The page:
Columba (c.521 - 97)
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Synopsis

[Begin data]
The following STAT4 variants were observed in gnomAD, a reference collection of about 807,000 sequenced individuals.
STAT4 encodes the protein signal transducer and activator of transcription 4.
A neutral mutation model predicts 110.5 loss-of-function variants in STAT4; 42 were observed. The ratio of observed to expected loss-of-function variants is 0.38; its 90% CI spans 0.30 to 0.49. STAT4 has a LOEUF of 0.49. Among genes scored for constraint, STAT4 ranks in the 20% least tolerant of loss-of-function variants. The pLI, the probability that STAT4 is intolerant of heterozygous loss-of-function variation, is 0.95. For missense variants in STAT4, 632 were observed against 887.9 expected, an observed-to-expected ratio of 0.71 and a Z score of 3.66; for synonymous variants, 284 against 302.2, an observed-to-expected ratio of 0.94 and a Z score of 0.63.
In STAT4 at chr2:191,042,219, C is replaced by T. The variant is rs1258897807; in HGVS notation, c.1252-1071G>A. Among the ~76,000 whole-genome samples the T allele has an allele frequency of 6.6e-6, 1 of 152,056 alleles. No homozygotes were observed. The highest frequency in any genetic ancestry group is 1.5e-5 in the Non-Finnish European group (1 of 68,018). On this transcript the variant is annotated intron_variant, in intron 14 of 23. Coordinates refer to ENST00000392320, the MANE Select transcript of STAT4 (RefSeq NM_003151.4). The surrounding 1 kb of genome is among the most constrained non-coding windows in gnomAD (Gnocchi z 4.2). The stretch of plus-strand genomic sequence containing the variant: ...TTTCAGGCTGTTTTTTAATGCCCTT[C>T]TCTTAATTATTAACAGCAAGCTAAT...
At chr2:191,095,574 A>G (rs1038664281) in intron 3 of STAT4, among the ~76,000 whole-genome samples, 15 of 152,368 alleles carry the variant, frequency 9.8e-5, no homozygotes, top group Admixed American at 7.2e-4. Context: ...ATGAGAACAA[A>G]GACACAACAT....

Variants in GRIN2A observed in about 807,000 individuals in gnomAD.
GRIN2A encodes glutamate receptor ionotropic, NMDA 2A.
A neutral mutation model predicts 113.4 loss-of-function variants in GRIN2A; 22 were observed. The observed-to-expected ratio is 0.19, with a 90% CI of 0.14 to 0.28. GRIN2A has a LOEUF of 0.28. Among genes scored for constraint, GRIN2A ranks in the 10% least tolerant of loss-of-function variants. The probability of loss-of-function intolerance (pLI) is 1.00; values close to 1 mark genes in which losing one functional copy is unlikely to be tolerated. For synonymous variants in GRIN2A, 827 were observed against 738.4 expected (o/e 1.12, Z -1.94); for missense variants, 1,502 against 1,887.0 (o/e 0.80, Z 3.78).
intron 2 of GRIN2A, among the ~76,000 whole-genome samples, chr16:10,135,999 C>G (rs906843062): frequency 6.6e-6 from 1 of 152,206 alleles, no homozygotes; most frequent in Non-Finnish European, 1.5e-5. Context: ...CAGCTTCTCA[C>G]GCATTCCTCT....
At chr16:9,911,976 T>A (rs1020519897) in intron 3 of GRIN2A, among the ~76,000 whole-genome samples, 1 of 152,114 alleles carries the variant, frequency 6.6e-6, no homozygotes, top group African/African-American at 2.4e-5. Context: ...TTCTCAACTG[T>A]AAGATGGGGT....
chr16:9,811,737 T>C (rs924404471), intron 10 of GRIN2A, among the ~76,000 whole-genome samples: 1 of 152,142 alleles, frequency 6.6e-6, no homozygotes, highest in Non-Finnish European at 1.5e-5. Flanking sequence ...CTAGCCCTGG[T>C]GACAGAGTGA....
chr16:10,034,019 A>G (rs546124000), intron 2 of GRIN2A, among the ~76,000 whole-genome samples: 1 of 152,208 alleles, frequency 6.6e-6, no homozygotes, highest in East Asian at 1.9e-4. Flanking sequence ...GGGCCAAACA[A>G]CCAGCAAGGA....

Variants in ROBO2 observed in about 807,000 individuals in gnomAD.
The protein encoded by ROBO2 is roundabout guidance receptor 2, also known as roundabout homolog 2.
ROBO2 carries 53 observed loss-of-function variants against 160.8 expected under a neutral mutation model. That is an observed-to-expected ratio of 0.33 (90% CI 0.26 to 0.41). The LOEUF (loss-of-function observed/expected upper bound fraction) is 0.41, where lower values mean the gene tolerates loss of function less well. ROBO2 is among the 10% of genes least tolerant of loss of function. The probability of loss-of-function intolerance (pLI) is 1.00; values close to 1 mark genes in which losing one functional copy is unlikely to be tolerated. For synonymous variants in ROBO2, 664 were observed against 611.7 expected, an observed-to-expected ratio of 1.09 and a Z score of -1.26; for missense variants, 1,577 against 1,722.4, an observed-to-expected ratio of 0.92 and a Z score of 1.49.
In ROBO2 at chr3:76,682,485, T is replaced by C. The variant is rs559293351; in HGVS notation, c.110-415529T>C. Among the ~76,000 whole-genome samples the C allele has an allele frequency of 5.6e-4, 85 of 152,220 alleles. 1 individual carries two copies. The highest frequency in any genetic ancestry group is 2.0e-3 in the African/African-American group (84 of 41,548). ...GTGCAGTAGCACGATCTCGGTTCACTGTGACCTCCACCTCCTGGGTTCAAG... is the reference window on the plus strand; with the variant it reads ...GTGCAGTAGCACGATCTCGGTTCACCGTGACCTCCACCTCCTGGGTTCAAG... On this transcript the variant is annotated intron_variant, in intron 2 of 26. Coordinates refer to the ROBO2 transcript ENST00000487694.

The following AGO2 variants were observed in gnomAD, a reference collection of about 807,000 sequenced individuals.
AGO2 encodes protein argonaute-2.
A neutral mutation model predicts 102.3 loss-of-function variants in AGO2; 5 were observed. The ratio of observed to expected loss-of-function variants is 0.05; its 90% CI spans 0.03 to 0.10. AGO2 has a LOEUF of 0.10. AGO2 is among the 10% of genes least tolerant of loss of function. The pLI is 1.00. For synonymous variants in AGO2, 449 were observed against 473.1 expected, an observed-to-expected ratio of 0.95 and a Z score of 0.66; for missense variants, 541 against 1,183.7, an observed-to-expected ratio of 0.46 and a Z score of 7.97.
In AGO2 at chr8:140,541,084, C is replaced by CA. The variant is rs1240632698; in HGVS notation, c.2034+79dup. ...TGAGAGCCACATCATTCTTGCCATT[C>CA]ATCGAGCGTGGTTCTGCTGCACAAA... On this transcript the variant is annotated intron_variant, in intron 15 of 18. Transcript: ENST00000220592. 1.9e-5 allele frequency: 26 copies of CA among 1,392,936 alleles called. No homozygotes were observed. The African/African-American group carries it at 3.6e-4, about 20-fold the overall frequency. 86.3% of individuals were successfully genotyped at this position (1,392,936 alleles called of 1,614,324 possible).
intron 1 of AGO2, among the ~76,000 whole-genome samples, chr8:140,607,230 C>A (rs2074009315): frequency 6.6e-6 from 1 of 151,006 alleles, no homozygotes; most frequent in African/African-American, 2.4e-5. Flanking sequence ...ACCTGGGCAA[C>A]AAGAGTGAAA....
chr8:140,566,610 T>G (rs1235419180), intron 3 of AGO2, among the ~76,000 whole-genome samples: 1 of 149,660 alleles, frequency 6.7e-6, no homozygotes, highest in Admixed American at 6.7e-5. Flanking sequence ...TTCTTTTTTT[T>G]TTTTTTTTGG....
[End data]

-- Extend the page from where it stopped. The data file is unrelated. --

COLUMBA, St., or Columbkille; b. at Gartan, County Donegal, 7th December, 521: d. at Iona, Whitsunday, 9th June, 597. Like many of the Celtic saints, he was of princely descent and this, no doubt, contributed to his influence, and perhaps to the blemishes, as well as to the virtues, of his character. He was educated in part under St. Finnian of Moville, and in part under St. Finnian of Clonard, from whose school sc mauy noble missionaries sprang, lie early gave himself to mission - work in his native country, and, previous to his departure from it, had founded many religious houses - monasteries in form, Christian colonies in reality - in the midst of a still barbarous people. The chief of these were Derry, founded in 545, and Durrow. erected in 553. The cause usually assigned for his expatriation from Ireland is the part he took in a great contest in vindication of the right of sanctuary in his monasteries, and stirring up war against the king who had violated it. For this he is said to have been excommunicated, and to have been enjoined as a penance, or to have voluntarily consented, to go into exile, that he might gain for Christ as many from among the Pagans as he had occasioned the loss of among the Christians of Ireland. But he was thoroughly actuated by the missionary spirit, then so characteristic of his countrymen; and his expatriation is more likely to have been prompted by this, and desire to sustain and pro-mote the cause of Christianity in Alban, which seemed to be threatened by the misfortunes of the Dalriad Scots under his relative, King Conal. With twelve like-minded companions, he sailed from Derry in 563, in a currach, or skiff, of wicker-work covered with hides; and touching first at Colonsay, and then, according to some, at the chief fort of his relative on the mainland, he passed on to the little island since made famous by his residence and labors, - the Island of Hy, lona, or, as Dr. Reeves says it should be written, Iova... Bede says that this island was presented to him by the Picts; but the Irish annalists claim the credit of the gift for his relative, the king of the Dalriad Scots. Probably the concurrence of both was sought for the greater security of the infant establishment as a home for himself and his companions, a centre of missionary work among surrounding Pagans, and a shelter for such converts as might desire to lead a more thorough Christian life than they could among their Pagan relatives. After erecting a humble monastery, according to the custom of his country, he set himself to gain for Christ the nearer Pictish tribes. Having met with some success among these, he next essayed to visit Brude, the king of the whole nation, in his fort by the Ness, to make known the truth to him. We may dismiss as legendary the details of his biographer as to the miracles he wrought to secure access to the reluctant king, believing, with Bede, that it was his teaching and holy life that ultimately gained for him the hearts of the king and the nation; and holding that the real miracle needed was his steadfast faith in the Master he served, and unwearying devotion to that Master’s work. In his first visits he may have addressed the Picts through an interpreter; and he had among his companions at least two of Iro-Pictish descent, Comghall and Cainnech, who would be able as well as acceptable interpreters to the chiefs of this nation. But the Pictish dialect was so nearly allied to his own, that he could have no difficulty in acquiring it. With the aid of his companions he strengthened and confirmed the Christian Scots, and ultimately won over to the Christian faith the Picts of the North, as well as the tribes on the banks of the Tay, and even the inhabitants of Fife, once partially evangelized by St. Ninian. He founded among them, and in the islands of the West and North, religious houses, - little Christian colonies, - all in subordination to the mother-house of lona, and under his own direction. His religious establishments in Ireland also continued under his guidance, and were occasionally visited by him. One visit he paid to Ireland in the year 575 was especially noteworthy, as he took with him Aidan, whom he had inaugurated as successor to Conal in the kingdom of the Argyllshire Scots, and secured his more entire independence of Ireland. The evening of his days was passed in his island home, and the closing scene was particularly touching. The day before he died, ascending the hill which overlooked the monastery and its little farm, he stood surveying it for some time, and, lifting up both his hands, bestowed on it his parting blessing. Returning to his hut, he resumed his daily task in transcribing the Psalter, and proceeded to the place where it is written, "They that seek the Lord shall not lack any good thing." "here," he said at the close of the page, "I must stop: what follows let Baithene write;" indicating him apparently as his successor. After some time he lay down to rest; but, when the bell for matins rang, he hastened to the church, and, ere the brethren could join him, he had fainted before the altar. Unable to speak, he made a feeble effort once more to raise his right hand to bless them, and, with joy beaming in his face, passed to his rest and reward.